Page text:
The Economics Professor Versus the Sociology Professor

David Brat’s win Tuesday night offers a modern fable of American politics.

David Brat (L) and Jack Trammell (R), professors and opponents.
National Journal
Emma Roller
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Emma Roller
June 11, 2014, 9:37 a.m.

Dav­id Brat’s aca­dem­ic web­site is bordered with por­traits of four eco­nom­ists and one theo­lo­gian: Adam Smith, John Calv­in, John Maynard Keynes, and Friedrich Hayek.

Brat, who chairs the eco­nom­ics and busi­ness de­part­ment at Ran­dolph-Ma­con Col­lege, can add a new line to his CV: de­feat­ing House Ma­jor­ity Lead­er Eric Can­tor in a shock­ing up­set Tues­day night.

But to as­sume Can­tor’s seat rep­res­ent­ing Vir­gin­ia’s 7th Dis­trict, Brat first has to de­feat his Demo­crat­ic op­pon­ent — and fel­low pro­fess­or. Jack Tram­mell, a so­ci­ology pro­fess­or and the dir­ect­or of dis­ab­il­ity ser­vices, has taught at Ran­dolph-Ma­con Col­lege — a 1,300-stu­dent Meth­od­ist col­lege out­side Rich­mond — for more than a dec­ade. Four oth­er Ran­dolph-Ma­con pro­fess­ors have gone on to serve in Con­gress, in­clud­ing Randy For­bes, who cur­rently rep­res­ents Vir­gin­ia’s 4th Dis­trict.

In so­ci­ology, edu­ca­tion is of­ten cham­pioned as the best path to a vi­brant so­ci­ety — an idea Tram­mell clearly sub­scribes to. He is run­ning on a plat­form of col­lege ac­cess, stu­dent-loan for­give­ness, and spe­cial-edu­ca­tion re­form. In 2012, Tram­mell pub­lished a book, The Rich­mond Slave Trade: The Eco­nom­ic Back­bone of the Old Domin­ion. (More re­cently, he has planned to write a vam­pire nov­el.) Tram­mell’s an­cest­or, Thomas Tram­mell, was an in­den­tured ser­vant when he ar­rived in Fair­fax in 1671.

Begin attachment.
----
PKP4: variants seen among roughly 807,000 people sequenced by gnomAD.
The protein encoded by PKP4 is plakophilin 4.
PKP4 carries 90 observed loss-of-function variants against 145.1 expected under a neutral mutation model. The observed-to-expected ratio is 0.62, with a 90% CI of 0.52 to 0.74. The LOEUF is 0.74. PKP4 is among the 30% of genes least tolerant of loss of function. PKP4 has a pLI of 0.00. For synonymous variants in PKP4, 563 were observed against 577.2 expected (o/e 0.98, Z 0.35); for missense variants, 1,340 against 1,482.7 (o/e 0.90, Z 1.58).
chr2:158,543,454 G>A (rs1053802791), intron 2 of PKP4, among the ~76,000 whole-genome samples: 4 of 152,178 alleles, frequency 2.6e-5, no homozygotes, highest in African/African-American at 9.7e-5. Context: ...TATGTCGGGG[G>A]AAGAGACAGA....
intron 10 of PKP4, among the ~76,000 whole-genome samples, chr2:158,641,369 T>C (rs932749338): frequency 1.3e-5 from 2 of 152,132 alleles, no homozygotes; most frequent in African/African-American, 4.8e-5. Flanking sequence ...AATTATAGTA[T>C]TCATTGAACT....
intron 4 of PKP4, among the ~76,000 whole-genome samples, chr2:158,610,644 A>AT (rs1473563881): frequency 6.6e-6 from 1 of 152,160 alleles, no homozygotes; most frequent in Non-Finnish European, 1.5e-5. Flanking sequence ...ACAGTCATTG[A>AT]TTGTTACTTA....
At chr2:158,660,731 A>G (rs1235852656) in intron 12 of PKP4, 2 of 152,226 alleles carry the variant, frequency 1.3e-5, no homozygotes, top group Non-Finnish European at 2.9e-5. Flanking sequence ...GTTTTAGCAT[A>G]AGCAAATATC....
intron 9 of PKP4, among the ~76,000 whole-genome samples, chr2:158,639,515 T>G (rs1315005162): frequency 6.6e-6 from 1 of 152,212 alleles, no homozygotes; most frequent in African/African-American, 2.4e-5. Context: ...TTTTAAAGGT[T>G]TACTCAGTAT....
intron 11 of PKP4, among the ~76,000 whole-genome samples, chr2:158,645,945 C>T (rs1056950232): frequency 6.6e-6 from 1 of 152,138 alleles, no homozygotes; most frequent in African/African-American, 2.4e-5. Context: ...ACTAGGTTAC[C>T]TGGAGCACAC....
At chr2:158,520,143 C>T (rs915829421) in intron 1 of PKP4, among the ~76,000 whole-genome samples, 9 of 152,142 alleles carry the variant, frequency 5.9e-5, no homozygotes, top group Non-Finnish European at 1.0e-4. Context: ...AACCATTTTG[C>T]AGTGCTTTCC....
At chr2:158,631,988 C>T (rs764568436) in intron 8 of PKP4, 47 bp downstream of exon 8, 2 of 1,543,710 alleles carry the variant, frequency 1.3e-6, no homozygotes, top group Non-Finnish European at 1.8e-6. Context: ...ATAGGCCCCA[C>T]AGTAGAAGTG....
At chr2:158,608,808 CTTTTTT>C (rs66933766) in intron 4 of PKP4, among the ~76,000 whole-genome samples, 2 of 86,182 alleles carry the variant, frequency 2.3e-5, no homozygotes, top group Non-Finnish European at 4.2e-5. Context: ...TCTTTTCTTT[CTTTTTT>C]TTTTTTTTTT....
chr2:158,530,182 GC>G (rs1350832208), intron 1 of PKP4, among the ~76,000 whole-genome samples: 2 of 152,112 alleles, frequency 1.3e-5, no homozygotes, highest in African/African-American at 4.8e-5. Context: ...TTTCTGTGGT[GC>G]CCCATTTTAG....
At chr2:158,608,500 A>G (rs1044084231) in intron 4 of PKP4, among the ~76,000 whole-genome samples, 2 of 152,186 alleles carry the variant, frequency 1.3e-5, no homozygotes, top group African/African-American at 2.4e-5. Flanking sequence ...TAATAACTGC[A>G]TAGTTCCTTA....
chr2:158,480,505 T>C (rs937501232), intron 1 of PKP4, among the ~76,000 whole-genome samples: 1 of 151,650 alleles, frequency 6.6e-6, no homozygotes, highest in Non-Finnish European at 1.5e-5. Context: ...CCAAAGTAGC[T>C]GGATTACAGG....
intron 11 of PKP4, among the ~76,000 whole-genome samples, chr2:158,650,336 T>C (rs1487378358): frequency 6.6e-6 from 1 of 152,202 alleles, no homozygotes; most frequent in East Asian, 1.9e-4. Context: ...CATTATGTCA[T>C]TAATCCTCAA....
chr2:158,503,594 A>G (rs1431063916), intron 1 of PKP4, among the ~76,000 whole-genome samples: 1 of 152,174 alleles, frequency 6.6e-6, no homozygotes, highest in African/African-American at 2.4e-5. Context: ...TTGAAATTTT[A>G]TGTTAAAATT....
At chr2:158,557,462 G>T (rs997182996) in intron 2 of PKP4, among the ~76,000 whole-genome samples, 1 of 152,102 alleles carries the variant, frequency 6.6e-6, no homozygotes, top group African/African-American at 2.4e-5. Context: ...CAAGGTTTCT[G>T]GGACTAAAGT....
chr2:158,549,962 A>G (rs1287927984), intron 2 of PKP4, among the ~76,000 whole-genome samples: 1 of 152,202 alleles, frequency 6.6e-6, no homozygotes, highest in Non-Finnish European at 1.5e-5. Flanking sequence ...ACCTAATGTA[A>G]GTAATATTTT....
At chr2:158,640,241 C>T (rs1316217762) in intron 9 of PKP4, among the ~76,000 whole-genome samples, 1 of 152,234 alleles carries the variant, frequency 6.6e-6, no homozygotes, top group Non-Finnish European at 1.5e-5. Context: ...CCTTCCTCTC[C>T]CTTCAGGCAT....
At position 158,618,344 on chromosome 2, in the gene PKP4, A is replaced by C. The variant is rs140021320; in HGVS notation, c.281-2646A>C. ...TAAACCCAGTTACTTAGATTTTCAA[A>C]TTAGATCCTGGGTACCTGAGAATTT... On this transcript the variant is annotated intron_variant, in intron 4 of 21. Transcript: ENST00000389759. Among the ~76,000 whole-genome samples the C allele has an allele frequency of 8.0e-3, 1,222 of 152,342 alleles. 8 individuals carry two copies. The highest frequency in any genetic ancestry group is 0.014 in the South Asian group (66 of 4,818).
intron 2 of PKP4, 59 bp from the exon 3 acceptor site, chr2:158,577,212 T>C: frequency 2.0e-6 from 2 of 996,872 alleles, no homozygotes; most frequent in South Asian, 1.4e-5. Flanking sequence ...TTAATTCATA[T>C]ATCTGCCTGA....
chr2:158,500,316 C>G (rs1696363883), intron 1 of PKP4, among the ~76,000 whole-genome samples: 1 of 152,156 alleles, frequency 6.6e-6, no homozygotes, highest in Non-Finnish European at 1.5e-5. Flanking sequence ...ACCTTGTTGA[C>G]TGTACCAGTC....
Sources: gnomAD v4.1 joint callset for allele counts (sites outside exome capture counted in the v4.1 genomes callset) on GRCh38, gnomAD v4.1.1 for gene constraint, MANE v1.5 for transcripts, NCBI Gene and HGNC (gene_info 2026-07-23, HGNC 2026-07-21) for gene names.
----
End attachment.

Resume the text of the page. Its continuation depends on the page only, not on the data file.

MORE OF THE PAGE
Brat joined the fac­ulty at Ran­dolph-Ma­con in 1996 after re­ceiv­ing his Ph.D. in eco­nom­ics at Amer­ic­an Uni­versity. Since then, he’s taught classes on mi­cro- and mac­roe­co­nom­ics, pub­lic fin­ance, and busi­ness eth­ics. And he coau­thored a pa­per titled, “An Ana­lys­is of the Mor­al Found­a­tions in Ayn Rand”. Back in Janu­ary, Brat told the Na­tion­al Re­view that while he doesn’t con­sider him­self a Ran­di­an, “he has been in­flu­enced by At­las Shrugged and ap­pre­ci­ates Rand’s case for hu­man free­dom and free mar­kets.”

Brat’s aca­dem­ic back­ground is some­what un­usu­al for a tea-party can­did­ate — the Can­tor cam­paign even tried to paint Brat as a lib­er­al egg­head in one tele­vi­sion ad. And, speak­ing to Chuck Todd on Tues­day night, Brat de­fen­ded not rais­ing the min­im­um wage as only a schol­ar of the Aus­tri­an School of eco­nom­ics would (al­though he was caught a bit off-guard by Todd’s policy ques­tions):

“Min­im­um wage, no, I’m a free-mar­ket guy,” Brat re­spon­ded. “Our labor mar­kets right now are already dis­tor­ted from too many reg­u­la­tions. I think Cato es­tim­ates there’s $2 tril­lion of reg­u­lat­ory prob­lems and then throw Obama­care on top of that, the work hours is 30 hours a week. You can only hire 50 people. There’s just dis­tor­tion after dis­tor­tion after dis­tor­tion, and we won­der why our labor mar­kets are broken.”

The idea of a Re­pub­lic­an eco­nom­ics pro­fess­or fa­cing off against a Demo­crat­ic so­ci­ology pro­fess­or presents a near-per­fect mi­cro­cosm of Amer­ic­an polit­ic­al thought. What mat­ters most in gov­ernance — the good of the mar­ket or the good of so­ci­ety? Should gov­ern­ment serve to keep the free mar­ket as un­in­hib­ited as pos­sible, or to im­pose checks on the mar­ket to pro­tect cit­izens? Is edu­ca­tion or en­tre­pren­eur­ship a more im­port­ant path to in­di­vidu­al and col­lect­ive suc­cess? These are ques­tions ripe for a Poli-Sci 101 dis­cus­sion.

Con­sid­er­ing how solidly Re­pub­lic­an the dis­trict is, Brat is likely to win. But even if he loses in Novem­ber, Tram­mell can still hold his RateMyPro­fess­or score over Brat.

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